Recently, in Bangkok Thailand, Wasted Collective joined forces with Siwilai Radical Club to release the full lineup of its Earth Shoe 01. The two also organized and hosted a neighborhood clean-up dubbed “WALKING AND RECYCLING” — activating the local community and raising awareness around the need for sustainable fashion.

First launched in late 2023 and now available through major retailers in over eight cities around the world, the Earth Shoe 01 represents what’s possible on the footwear front when it comes to creating with an eco-conscious approach. The shoes feature Wasted Collective’s trademarked “Rewalk” Mold Technology, which utilizes wasted material from the production lines of various factories to produce its comfortable and capable 100 percent recycled grind rubber outsole.

To form the rest of the shoe, various other waste materials are put to use, this includes recycled mesh for the tongue and foxing, recycled polyurethane for the webbing, recycled plastic for the spring buckle, recycled waxed cotton for the laces and recycled vinyl for the logo. In terms of fitting, the shoes offer a wider than standard toe-box for increased comfort as well as added arch support for stability.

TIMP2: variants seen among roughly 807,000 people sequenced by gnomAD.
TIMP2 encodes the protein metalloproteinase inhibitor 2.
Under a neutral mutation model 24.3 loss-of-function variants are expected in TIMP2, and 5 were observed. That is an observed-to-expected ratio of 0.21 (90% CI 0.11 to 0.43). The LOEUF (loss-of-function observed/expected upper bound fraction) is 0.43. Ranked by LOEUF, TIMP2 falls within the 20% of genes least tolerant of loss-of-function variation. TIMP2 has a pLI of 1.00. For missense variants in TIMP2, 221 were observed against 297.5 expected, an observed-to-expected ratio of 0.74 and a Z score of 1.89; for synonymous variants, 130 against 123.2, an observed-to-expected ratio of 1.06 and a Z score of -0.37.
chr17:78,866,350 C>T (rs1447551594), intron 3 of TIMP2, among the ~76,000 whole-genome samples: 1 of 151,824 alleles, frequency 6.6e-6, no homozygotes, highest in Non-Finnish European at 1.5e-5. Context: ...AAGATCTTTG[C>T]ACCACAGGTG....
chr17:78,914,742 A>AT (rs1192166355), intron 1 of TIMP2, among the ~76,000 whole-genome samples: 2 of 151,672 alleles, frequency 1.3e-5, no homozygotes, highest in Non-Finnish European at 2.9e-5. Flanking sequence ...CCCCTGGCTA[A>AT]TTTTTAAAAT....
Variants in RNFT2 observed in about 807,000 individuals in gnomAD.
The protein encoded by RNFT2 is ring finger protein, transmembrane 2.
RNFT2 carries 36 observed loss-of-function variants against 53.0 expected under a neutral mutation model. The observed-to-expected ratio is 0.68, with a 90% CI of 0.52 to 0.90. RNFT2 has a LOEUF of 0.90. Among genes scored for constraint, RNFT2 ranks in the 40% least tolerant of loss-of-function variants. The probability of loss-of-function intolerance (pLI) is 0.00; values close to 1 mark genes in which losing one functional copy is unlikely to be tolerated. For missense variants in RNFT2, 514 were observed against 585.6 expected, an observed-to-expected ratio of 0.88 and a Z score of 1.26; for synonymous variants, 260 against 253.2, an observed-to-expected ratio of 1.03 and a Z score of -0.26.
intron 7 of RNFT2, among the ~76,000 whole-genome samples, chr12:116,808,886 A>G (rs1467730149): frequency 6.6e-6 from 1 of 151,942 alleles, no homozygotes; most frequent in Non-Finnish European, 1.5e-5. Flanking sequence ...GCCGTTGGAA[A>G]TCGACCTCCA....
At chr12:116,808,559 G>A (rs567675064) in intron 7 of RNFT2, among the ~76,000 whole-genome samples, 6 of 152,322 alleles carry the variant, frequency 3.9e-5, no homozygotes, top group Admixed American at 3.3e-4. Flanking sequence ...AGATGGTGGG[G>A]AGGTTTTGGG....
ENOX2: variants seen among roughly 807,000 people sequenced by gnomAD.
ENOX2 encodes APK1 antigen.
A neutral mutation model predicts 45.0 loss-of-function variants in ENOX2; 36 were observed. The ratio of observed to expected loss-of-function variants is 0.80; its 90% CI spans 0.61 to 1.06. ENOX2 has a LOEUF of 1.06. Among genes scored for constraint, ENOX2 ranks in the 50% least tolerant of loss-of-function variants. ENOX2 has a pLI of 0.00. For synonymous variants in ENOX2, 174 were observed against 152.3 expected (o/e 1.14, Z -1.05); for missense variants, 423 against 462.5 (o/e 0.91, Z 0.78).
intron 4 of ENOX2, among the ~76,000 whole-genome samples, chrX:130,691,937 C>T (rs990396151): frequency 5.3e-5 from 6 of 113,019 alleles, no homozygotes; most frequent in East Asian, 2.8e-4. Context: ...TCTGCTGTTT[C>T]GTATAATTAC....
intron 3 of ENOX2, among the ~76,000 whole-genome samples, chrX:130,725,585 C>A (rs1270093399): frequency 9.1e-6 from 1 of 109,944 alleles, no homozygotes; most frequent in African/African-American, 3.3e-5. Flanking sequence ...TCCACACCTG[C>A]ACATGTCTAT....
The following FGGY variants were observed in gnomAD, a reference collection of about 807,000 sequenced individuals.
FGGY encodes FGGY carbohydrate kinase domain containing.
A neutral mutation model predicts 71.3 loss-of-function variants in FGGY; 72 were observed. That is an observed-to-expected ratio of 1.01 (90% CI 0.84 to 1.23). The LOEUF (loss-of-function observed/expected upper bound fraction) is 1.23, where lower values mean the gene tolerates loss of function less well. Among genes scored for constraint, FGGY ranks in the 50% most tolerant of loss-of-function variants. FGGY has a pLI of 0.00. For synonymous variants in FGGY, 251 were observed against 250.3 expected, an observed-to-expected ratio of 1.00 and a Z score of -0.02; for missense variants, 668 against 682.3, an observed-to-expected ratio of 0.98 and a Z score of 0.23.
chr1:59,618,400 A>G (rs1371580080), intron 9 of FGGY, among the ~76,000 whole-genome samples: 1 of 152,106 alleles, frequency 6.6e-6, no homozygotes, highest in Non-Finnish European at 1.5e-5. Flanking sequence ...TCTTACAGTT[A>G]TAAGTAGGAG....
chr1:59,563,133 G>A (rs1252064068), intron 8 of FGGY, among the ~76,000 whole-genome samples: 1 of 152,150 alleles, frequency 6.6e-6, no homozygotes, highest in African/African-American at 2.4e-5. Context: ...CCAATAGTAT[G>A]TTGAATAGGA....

“The most comfortable piece of trash”

Interested in learning more about the shoes, cleanup initiatives and overall approach to sustainable footwear, we caught up with Isaac Larose, the Global Creative Director of Potato Head, the parent company of Wasted Collective.

When and why did you start Wasted Collective?

A year ago, we teamed up with Dover Street Market and Potato Head in Bali, to launch our first prototype, Earth Shoe. The idea was very simple: reimagining waste. Make the most comfortable piece of trash.

How has it evolved since?

Since then, we’ve been organizing clean-ups in cities like Tokyo, London, Singapore, Bali and now Bangkok. Connecting with like-minded people around the globe.

Can you share more details on your Clean-Up initiate?

It’s all about community and good times. Imagine a crazy Bali sunset, sipping drinks, while doing good for the planet — that’s the Wasted Collective way.

Picking up trash raises awareness about waste and sparks meaningful conversations in our community. Since last year, we’ve hosted regular clean-ups at Petitenget Beach twice a week and partnered with local businesses to maintain momentum.

While cleaning the beaches isn’t a complete solution, it builds a strong community and inspires changemakers. Our goal is to drive global change through local action and we’ve seen positive shifts in how people think about waste. The events are fun, with great music from DJ friends and support from community radio stations. Join us for a good time and to make a real difference.

Can you tell us more about the Earth Shoe 01?

We aim to craft timeless products that make a lasting positive impact. Our design ethos is rooted in a simple principle: “follow the waste.”

Earth Shoe 01 embraces simplicity, organic shapes and earthy tones inspired by the nature of Bali. Simply utilizing waste materials to create comfortable footwear.